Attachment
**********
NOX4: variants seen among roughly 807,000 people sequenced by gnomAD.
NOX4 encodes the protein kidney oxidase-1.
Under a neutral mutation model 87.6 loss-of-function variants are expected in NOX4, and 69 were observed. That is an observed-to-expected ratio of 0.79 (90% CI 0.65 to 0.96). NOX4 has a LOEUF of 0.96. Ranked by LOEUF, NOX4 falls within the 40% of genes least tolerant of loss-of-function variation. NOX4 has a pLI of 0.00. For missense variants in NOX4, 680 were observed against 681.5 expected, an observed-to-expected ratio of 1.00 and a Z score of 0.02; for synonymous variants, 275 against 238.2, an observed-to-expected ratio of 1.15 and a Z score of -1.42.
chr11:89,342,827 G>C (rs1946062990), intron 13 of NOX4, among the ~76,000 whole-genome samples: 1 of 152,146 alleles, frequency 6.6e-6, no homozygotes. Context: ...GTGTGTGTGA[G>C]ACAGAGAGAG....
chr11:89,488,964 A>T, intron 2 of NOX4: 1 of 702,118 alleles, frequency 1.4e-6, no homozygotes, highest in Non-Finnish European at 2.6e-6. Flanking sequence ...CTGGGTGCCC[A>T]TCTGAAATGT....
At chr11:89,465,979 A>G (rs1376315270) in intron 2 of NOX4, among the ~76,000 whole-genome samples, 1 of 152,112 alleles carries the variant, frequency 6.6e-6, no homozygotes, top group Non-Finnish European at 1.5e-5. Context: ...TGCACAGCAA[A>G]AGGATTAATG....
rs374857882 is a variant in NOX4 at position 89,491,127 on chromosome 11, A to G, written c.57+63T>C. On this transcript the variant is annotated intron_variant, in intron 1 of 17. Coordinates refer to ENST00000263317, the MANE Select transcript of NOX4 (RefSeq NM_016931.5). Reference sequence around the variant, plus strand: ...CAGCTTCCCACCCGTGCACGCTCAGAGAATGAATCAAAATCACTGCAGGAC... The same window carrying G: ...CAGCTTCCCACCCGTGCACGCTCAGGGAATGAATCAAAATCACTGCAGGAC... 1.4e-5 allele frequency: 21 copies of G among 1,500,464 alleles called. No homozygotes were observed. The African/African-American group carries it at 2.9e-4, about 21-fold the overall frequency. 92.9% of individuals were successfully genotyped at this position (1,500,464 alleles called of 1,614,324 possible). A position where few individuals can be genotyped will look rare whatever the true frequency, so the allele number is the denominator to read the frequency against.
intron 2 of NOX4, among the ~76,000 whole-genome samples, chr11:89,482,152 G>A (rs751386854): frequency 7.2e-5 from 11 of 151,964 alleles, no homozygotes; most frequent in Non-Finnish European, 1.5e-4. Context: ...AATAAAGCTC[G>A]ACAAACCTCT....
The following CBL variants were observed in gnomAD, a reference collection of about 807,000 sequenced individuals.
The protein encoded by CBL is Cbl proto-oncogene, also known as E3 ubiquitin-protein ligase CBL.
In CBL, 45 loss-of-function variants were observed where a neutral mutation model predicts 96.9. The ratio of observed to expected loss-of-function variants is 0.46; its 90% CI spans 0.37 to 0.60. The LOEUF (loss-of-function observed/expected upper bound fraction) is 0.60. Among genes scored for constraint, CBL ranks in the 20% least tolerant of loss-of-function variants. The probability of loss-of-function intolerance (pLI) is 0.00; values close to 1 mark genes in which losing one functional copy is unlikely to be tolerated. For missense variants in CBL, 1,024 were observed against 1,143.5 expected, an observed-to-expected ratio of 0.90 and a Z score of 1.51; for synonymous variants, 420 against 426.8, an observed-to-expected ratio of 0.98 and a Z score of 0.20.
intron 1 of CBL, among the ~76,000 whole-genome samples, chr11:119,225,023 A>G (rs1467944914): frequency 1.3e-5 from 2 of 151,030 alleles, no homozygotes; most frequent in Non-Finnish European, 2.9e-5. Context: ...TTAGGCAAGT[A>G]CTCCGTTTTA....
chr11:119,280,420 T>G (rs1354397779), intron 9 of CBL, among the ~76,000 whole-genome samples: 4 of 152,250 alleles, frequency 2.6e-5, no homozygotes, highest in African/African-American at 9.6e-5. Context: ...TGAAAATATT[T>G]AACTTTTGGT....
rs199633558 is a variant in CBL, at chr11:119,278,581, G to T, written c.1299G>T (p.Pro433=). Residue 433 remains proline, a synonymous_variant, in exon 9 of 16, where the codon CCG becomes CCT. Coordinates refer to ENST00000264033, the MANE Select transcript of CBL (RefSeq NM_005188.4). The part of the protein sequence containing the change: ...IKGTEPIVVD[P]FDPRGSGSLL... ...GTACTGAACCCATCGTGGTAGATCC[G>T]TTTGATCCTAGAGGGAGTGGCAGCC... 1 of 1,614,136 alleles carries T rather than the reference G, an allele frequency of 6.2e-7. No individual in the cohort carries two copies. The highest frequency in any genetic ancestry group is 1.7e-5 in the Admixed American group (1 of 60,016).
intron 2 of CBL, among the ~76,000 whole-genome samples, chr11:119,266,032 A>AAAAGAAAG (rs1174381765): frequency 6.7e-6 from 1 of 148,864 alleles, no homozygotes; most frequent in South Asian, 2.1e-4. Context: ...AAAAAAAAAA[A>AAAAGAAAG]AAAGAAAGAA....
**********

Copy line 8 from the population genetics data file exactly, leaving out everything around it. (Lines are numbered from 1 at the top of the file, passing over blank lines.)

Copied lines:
intron 2 of NOX4, among the ~76,000 whole-genome samples, chr11:89,482,152 G>A (rs751386854): frequency 7.2e-5 from 11 of 151,964 alleles, no homozygotes; most frequent in Non-Finnish European, 1.5e-4. Context: ...AATAAAGCTC[G>A]ACAAACCTCT....